Wetlands are areas inundated by water throughout or during some part of the year. Wetlands absorb surplus nutrients, sediments, and other pollutants before they reach rivers, lakes, or oceans.
They also absorb and slow floodwaters, thereby reducing flood damage. Wetlands provide a habitat for many species of plants and animals. They act as buffers against pollution but excess pollution can harm living organisms within wetlands.
Wetland management involves activities that can be conducted with, in, and around wetlands to protect, restore, manipulate or provide for their functions and values. Natural wetlands are those that do not result from human activities.
The management goal for undisturbed wetlands is to continue existing functions such as buffers for other receiving water bodies. Two main facets of managing wetlands for protection include buffering wetlands from direct human pressures and maintaining natural processes in
surrounding lands that affect wetlands and may be disrupted by human activities.
Wetland Management and protective measures
Protection of wetlands through the assignment of designated use: The level of protection provided should conform to the designated use established for a wetland. Factors to consider in setting the designated use and developing a management strategy for a wetland are;
• Wetland type and landscape location
• Surrounding land uses
• Cumulative impacts on the wetland
• Vegetation quality
• Presence or absence
of rare or endangered species
• Surface water quality
• Wildlife habitats
• Cultural values.
Pressures on wetlands created by humans and other activities:
• Fragmentation of wetlands with roads or other linear facility crossings
• Impacts of recreational uses
• Impacts from adjacent property owners, partial or full wetland owners
• Incursion of trampling, soil compaction, intense grazing, and waste loading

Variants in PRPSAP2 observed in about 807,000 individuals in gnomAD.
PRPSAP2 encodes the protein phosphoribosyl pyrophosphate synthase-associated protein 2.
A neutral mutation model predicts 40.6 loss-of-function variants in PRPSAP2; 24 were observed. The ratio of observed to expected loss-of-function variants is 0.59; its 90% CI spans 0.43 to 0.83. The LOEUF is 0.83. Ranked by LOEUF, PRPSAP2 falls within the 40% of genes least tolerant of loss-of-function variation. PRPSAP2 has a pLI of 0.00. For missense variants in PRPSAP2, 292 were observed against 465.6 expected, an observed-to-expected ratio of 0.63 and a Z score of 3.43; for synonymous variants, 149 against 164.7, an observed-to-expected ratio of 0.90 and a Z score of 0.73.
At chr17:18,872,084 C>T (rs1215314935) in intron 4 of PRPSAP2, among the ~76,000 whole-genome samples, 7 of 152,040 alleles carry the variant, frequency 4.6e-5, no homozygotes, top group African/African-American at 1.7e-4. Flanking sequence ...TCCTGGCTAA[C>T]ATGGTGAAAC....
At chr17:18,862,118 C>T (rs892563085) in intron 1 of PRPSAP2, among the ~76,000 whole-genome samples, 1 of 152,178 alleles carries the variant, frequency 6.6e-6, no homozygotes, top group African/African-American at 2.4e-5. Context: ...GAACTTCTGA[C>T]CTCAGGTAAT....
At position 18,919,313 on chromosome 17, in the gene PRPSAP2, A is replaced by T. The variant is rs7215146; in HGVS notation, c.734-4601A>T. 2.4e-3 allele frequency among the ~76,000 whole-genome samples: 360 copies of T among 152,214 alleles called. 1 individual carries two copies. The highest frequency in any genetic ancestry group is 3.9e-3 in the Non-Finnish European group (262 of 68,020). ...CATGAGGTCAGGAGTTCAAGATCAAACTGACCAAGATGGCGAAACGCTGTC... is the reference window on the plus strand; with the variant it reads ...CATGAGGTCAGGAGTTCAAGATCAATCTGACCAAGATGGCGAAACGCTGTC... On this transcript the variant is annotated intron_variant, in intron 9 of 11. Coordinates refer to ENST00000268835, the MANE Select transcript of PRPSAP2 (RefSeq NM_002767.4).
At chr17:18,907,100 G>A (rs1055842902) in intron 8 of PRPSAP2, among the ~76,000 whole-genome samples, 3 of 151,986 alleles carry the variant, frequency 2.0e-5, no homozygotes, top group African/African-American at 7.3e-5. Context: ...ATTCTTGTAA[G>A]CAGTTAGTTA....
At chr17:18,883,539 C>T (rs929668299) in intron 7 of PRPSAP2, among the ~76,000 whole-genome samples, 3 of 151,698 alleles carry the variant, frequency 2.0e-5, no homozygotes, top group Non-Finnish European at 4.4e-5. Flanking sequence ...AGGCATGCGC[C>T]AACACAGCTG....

• Pest control treatments, pedestrian access, moving, landscaping waste dumping
• Hydrologic alterations such as ditch construction, dewatering by redirecting contributing land area inflows, impervious surfaces
• increased sediment, nutrient, metals, pathogens, and other pollutant loadings from wastewater discharge
• Changes in physical characteristics of inflows such as temperature, dissolved oxygen, turbidity, and pH due to activities
• Atmospheric deposition of pollutants
• Introduction of nuisance and exotic plant and animal species
• Loss of more sensitive wetland species due to changes in adjacent land uses.
Buffers and other protective measures for wetlands
A buffer consists of a band of vegetation along the perimeter of a wetland or a water body. A buffer design must consider the nature of the encroaching activity, the buffer itself, the resource to be protected and the buffering function to be performed. Criteria for determining adequate buffer size to protect wetlands (Castelle, 1994);
• Wetland functional value-level of disturbance and sensitivity to disturbance
• Intensity of adjacent land use
• Buffer characteristics – vegetation density, structural complexity, and soil condition.
• Specific functions.
Functions of buffers
• Sediment removal
• Nutrient transformations and removal
• Metals and other pollutants’ reduction
• Stormwater reduction through infiltration
• Reduction of water temperature
• Reduction of human impacts by limiting access and minimizing edge effects from noise, light, temperature
• Protection of interior wetland species
• A barrier to the invasion of nuisance and exotic species.
Protective Management of wetlands involves maintaining important management processes that operate on wetlands from the outside and that may be altered by human activities e.g. fire, mosquito control, and construction.